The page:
Every day, students within the College of Arts and Sciences push science forward through their research and lab work, enriching their understanding of the scientific process and developing new skills. Recently, two students part of the Ph.D. in Chemistry graduate program sought to take their abilities to the next level: learning how to commercialize their academic research.
Alumnus Robert Tancer, Ph.D. '22 and Charnette Frederic, M.H.A. '11/Ph.D. '23 recently completed the National Science Foundation’s Innovation Corps (I-Corps) program, an immersive, experiential training program that prepares scientists and engineers to extend their focus beyond the laboratory and move toward commercialization.
Over four weeks, Tancer and Frederic learned how to assess and market the potential of their individual research projects and received hands-on experience in customer discovery – a critical step in the entrepreneurial process that involves talking to potential customers, partners and other industry stakeholders.
Together, Tancer and Frederic applied their learnings in real-time, taking the business and marketing concepts learned during education sessions straight into conversations with potential customers – individuals who ranged from nurses working in the field to public health officials involved in the tracking and progression of infectious diseases.
"The selected undergraduate and graduate students become Entrepreneurial Leads for their projects," commented Assistant Professor Gregory Wiedman, Ph.D., who supported Tancer and Frederic’s I-Corps application and worked with them as their Technical Lead during the program’s duration. "The students drive the discussion with customers, participate in the program and ultimately, apply what they’ve learned to future efforts and initiatives,"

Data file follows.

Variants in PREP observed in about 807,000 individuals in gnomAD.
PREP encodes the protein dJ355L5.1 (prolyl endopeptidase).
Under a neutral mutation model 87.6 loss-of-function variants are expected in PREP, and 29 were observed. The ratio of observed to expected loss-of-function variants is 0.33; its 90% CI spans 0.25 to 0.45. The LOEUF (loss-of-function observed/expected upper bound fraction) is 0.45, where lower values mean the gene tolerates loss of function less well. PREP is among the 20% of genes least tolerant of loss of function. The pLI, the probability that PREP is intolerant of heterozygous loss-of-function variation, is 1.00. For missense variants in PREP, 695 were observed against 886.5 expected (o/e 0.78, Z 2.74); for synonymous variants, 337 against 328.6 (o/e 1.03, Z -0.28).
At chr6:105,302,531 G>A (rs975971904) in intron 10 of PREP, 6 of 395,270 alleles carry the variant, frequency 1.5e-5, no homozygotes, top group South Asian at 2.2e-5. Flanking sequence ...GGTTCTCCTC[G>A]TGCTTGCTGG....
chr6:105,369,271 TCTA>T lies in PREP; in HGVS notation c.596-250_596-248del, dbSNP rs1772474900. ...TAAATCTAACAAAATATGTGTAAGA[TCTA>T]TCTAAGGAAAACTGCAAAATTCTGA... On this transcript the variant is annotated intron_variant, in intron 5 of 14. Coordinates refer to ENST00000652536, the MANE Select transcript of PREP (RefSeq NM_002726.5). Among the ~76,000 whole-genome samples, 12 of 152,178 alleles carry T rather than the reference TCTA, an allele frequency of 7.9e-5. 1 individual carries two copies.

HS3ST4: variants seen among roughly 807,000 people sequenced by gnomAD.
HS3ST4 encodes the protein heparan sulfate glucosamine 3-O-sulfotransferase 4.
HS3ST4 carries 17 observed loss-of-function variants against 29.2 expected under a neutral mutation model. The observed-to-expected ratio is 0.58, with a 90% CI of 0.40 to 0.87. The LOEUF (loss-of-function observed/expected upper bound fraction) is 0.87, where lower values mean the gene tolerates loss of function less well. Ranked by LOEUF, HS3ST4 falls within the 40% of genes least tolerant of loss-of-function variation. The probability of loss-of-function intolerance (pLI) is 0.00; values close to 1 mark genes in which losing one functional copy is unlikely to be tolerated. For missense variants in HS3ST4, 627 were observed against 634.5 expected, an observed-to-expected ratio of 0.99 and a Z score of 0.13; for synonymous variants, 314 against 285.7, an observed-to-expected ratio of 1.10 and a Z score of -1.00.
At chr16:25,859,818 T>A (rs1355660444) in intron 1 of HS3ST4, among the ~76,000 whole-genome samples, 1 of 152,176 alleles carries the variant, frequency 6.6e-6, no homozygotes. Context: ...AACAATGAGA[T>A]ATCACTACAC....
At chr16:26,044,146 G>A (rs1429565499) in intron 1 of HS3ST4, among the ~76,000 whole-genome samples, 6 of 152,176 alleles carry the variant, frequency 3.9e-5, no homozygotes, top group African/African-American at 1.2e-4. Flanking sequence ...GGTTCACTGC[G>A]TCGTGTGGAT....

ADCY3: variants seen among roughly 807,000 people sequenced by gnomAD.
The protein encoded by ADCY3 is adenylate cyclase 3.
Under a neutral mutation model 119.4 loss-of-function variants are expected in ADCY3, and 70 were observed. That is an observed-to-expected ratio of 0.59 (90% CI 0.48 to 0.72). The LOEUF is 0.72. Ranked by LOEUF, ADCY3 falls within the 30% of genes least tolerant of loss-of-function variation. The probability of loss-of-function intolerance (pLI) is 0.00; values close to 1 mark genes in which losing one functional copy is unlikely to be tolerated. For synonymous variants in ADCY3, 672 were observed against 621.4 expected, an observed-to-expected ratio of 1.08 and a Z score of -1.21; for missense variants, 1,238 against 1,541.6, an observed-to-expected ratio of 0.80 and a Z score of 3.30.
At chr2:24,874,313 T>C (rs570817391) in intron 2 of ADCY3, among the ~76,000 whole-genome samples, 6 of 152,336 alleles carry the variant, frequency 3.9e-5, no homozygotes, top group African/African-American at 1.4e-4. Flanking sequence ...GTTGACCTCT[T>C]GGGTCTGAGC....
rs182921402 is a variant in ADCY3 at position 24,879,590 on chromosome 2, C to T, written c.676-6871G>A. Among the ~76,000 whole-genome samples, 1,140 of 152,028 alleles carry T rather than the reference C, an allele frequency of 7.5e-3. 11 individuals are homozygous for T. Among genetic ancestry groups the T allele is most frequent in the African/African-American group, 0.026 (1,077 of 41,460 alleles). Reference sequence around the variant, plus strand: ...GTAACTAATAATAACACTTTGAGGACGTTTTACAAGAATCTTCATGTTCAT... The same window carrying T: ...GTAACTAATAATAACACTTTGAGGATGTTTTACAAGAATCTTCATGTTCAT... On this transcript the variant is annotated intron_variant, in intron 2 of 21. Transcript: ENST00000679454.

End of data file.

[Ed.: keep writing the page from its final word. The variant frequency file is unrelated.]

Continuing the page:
Both actively involved in Professor Wiedman's 3B Lab, the pair based their experiential learning on Tancer’s doctoral dissertation, in which he developed a lead compound peptide antifungal drug that could provide an improved way to treat the highly-drug registrant pathogen, Cryptococcus neoformans.
Tancer and Frederic also received counsel and guidance from an advisor and fellow directly involved with the NSF, Michael Craig, Ph.D., their Co-Entrepreneurial Lead. This networking opportunity was another added benefit of the program, which exposes students to work being done across other institutions in their regional I-Corps Hub.
Each hub is a partnership of higher education institutions within a distinct geographical region that collaborate and explore the commercial potential of their technologies. Groups from Seton Hall University will participate in the I-Corps Northeast Region Hub, which includes Rutgers, Princeton, Drexel, MIT and others among its partner institutions.
Students interested in the I-Corps program are encouraged to apply and are welcome to reach out to Professor Wiedman for assistance. Details and more information can be found on the NSF I-Corps Program website.